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Fish's Dad Living a Dream

June 26, 2003|Lisa Dillman | Times Staff Writer

WIMBLEDON, England — Tom Fish had one word to describe his Wimbledon experience.

Well, two, actually.

"So surreal," he said.

Fish was standing on the balcony below the players' restaurant not long after his son, Mardy, landed in the third round at Wimbledon with an emphatic performance. Fish served 16 aces and defeated Jan-Michael Gambill, 6-4, 6-4, 6-1, in 1 hour 24 minutes in the second round Wednesday, and next will face fourth-seeded Roger Federer of Switzerland.

Tom Fish had been coming to Wimbledon for the last seven years with his Vero Beach tennis club, of which he is the tennis director.

"All of a sudden, we get to watch Mardy play here, who would have thought?" he said. "He feels like he belongs. I'll be getting excited, and he's like, 'Calm down, we're going to be doing this for a long time.' "

Grass suits Fish's natural attacking instincts; he reached his second ATP final Saturday in Nottingham, losing to the big-serving Greg Rusedski.

He has come quite a way since losing his temper at the Australian Open against Wayne Ferreira of South Africa in January.

Fish was eating a postmatch sandwich on the balcony with his support team, and joked about the Melbourne experience.

"I'll never slap the umpire's chair again," he said. "It's all a learning experience."

Amazingly, he escaped a fine that day.

"On the news the next morning it was, 'The Fish Was Caught and Let Go,' " Fish said. "That's how I knew."


The biggest upset on the women's side came when Shinobu Asagoe of Japan beat No. 9-seeded Daniela Hantuchova of Slovakia, 0-6, 6-4, 12-10, in 2 hours 46 minutes. Asagoe, 26, had reached the third round of a Grand Slam only once, at the 2000 U.S. Open.

This result was hardly a surprise, though.

Hantuchova, a quarterfinalist here last year, has struggled of late and drew massive tabloid attention last week in Eastbourne because of her thin appearance. She was clad in a white, asymmetrical draped dress and it almost looked like a drape hanging on a rail.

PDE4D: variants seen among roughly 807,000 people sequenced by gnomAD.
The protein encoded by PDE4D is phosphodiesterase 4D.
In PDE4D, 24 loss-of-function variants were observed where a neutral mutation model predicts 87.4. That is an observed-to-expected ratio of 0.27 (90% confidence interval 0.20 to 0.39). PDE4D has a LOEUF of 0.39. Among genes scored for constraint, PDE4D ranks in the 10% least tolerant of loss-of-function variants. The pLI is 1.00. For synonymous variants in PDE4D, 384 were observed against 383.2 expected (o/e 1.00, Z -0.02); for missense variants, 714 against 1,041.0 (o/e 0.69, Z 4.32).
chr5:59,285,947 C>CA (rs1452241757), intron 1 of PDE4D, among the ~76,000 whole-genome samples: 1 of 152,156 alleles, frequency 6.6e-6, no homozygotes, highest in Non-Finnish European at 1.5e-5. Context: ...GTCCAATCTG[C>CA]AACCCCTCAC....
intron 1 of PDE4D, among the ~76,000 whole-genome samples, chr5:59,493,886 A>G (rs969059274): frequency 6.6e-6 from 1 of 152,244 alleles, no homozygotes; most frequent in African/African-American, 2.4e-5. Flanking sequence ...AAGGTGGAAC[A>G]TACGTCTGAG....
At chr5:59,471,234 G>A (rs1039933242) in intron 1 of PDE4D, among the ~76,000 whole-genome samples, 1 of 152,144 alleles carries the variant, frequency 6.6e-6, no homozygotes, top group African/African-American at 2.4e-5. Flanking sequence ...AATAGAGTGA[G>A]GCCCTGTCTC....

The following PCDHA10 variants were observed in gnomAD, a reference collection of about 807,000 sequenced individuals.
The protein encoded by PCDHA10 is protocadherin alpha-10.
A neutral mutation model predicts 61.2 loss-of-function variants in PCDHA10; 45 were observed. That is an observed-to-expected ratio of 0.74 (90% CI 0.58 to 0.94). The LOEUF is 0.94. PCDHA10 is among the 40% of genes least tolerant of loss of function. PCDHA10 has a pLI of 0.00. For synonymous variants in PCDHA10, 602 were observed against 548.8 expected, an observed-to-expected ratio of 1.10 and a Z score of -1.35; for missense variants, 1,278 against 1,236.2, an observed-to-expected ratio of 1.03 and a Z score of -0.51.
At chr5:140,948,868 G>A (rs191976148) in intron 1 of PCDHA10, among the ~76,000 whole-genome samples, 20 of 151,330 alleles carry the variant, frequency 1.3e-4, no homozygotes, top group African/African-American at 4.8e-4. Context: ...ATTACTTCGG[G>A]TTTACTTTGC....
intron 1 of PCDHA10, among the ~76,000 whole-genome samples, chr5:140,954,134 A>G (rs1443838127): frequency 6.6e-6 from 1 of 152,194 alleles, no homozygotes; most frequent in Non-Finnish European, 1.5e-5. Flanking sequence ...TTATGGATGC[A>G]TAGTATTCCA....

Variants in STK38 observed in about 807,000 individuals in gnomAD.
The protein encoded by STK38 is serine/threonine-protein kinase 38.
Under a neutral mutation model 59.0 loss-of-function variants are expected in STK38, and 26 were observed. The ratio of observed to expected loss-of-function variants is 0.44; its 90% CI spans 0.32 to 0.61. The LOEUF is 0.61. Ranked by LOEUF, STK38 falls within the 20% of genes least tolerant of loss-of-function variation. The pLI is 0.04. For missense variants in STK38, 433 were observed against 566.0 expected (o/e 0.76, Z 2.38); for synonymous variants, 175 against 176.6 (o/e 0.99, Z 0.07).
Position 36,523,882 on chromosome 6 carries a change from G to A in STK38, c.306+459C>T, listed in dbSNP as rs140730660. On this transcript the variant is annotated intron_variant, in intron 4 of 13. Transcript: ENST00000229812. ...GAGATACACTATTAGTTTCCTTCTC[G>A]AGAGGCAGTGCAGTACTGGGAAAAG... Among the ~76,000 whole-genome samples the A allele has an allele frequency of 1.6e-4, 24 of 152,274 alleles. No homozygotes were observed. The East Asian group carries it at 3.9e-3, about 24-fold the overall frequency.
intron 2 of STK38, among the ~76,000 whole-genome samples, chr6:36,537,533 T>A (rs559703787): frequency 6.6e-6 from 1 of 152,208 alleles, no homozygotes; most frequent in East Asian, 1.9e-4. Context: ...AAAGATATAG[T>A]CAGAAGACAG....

There are few signs of the buoyant youngster who won Indian Wells in 2002, defeating Martina Hingis in the final. She was in tears after the second-round loss, in which she had three match points, ducking her head and holding back tears in a TV interview. She had looked as if she might break down on the court.


Rafael Nadal became the youngest player to reach the third round at Wimbledon since Boris Becker in 1984. Nadal, who turned 17 on June 3, defeated British wild card Lee Childs, 6-2, 6-4, 6-3, and next will play No. 12-seeded Paradorn Srichaphan of Thailand.


Wimbledon Glance

A look at what happened Wednesday on the third day at Wimbledon:

* Seeded winners (top 16) -- Men: No. 4 Roger Federer; No. 5 Andy Roddick; No. 8 Sjeng Schalken; No. 9 Rainer Schuettler; No. 12 Paradorn Srichaphan. Women: No. 2 Kim Clijsters; No. 4 Venus Williams; No. 5 Lindsay Davenport; No. 7 Chanda Rubin; No. 13 Ai Sugiyama; No. 16 Vera Zvonareva.

* Seeded losers (top 16) -- Men: No. 15 Arnaud Clement by Justin Gimelstob; No. 16 Mikhail Youzhny by Feliciano Lopez. Women: No. 9 Daniela Hantuchova by Shinobu Asagoe; No. 12 Magdalena Maleeva by Paola Suarez.

* Today's top matches -- Michael Llodra, France, vs. Tim Henman (10), Britain; Justine Henin-Hardenne (3), Belgium, vs. Flavia Pennetta, Italy; Lars Burgsmuller, Germany, vs. Andre Agassi (2); Serena Williams (1) vs. Els Callens, Belgium.

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